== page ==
So you all know exactly what you’re going to do with your lives now, right? Ha! Sorry, they always say to start these things with a joke.
Anyway, welcome Class of 2017 to your graduate school graduation. I am your commencement speaker: an esoteric authority in your field. While your undergraduate speaker most likely represented unbridled possibility, such as an astronaut or the founder of Tinder, I represent decades of sensible risk management and tireless work. Congratulations again on your degree!
First of all, let’s have a round of applause for your faculty. They were your exacting mentors and guides. Now, all of them look like clowns in their weird hats and colorful hoods. Your faculty everyone!
I have to say, when I look out at the almost sixty percent of you that chose to show up today, I am filled with hope. I can tell by your nervous glances towards the reception tent that you’re only here to glut yourself on the free snacks. That is the kind of literal hunger that will help you in the work place. Let’s be honest, if you’re planning to work in academia or for a nonprofit, they will probably pay you in cheese cubes. Is that a Tupperware I see under your mortarboard? I couldn’t be more proud.
Look around you. Look at your classmates. You’ll never have to do a group project with these jerks ever again.
Without a doubt, you learned so much from group projects. You learned that Dave always seems to show up an hour late to meetings. And that when he says his edits are in, he’s lying, because Google Docs can track peoples’ activity, DAVE. You learned that you hate Dave deeply, but you won’t give him the scathing peer evaluation he deserves because, as you also learned, you’re scared of conflict. Now that’s an education.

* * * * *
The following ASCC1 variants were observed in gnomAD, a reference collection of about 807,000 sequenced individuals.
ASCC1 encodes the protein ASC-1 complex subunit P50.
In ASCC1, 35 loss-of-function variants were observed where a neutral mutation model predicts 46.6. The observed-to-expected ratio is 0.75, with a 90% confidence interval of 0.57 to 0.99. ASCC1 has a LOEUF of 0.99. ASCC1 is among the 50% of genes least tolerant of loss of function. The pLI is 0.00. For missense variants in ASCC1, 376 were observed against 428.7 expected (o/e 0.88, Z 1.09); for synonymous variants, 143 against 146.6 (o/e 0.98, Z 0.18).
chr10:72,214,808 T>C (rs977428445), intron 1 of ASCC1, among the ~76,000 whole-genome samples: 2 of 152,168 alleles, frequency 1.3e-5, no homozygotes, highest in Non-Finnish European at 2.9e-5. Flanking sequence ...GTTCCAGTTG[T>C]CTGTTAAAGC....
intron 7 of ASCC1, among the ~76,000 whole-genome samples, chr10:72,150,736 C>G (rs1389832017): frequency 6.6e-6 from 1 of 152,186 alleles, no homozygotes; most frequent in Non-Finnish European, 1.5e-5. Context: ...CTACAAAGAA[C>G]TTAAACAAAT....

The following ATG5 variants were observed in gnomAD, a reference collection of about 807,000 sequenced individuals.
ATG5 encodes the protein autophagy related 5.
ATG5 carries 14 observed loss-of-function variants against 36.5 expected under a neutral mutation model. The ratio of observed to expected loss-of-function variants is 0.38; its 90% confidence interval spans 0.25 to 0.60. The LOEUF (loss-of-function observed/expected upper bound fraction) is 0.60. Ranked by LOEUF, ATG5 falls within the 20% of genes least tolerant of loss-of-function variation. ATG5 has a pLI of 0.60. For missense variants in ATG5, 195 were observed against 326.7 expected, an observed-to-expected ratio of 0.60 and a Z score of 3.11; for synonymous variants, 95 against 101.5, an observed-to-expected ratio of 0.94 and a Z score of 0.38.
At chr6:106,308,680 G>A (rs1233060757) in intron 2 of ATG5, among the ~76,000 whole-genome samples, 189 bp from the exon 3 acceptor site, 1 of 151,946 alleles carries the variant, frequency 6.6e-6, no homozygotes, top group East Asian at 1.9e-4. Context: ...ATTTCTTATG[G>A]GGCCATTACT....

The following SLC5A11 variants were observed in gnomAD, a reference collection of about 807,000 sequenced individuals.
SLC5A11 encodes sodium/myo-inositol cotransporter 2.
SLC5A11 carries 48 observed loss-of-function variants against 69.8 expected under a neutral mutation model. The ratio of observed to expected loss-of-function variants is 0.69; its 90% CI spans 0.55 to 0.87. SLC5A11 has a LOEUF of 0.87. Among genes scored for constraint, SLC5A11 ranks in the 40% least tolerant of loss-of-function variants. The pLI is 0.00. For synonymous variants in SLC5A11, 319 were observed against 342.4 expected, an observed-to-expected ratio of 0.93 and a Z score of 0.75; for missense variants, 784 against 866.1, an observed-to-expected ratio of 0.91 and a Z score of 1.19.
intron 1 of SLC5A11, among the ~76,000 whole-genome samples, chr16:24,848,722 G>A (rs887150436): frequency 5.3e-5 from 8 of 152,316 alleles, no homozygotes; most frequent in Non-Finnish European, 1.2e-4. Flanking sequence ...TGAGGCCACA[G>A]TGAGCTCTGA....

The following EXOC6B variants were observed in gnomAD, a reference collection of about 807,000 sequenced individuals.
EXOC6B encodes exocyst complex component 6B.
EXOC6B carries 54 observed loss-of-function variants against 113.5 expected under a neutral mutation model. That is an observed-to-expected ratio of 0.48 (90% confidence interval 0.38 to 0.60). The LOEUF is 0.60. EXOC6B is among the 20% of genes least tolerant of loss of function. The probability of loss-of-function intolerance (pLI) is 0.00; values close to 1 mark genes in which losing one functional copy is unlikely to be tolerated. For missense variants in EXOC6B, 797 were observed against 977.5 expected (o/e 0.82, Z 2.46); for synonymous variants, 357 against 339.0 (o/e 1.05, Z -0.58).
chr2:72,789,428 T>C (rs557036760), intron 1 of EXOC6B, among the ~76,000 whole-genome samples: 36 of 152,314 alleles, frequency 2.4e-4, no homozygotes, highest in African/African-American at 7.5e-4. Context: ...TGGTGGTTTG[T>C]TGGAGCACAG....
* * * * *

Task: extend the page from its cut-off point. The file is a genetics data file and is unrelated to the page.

As a team member and as an individual, you have done so much hard work to get here. By now, you probably know a certain seat in your favorite coffee shop better than a mother knows her child. You love that seat. You named her Shirley. Shirley has heard all about Dave. When you see a stranger sitting in Shirley, you want to cut them. Well, I’m here to tell you that all the hard work has paid off. Now, you can graduate and take some space from that coffee shop before you steal Shirley and buy a little farm together in Montana.
Finally, I would like to close by encouraging you to keep asking questions. As you enter the workforce, ask, “How can we do this better?” You are now the catalysts for change. People will ask you exciting new questions as well, such as, “What do you do for work?” And, “Where’s my money?” You would think the federal government would be more eloquent, but that’s pretty much how it goes when you have enough student loan debt to strangle a shark.
As you leave this auditorium I encourage you to remember the friendships and experiences of your graduate education. You now have letters to file after your name and a diploma to hang on your wall. So without further ado, here are your cheese cubes.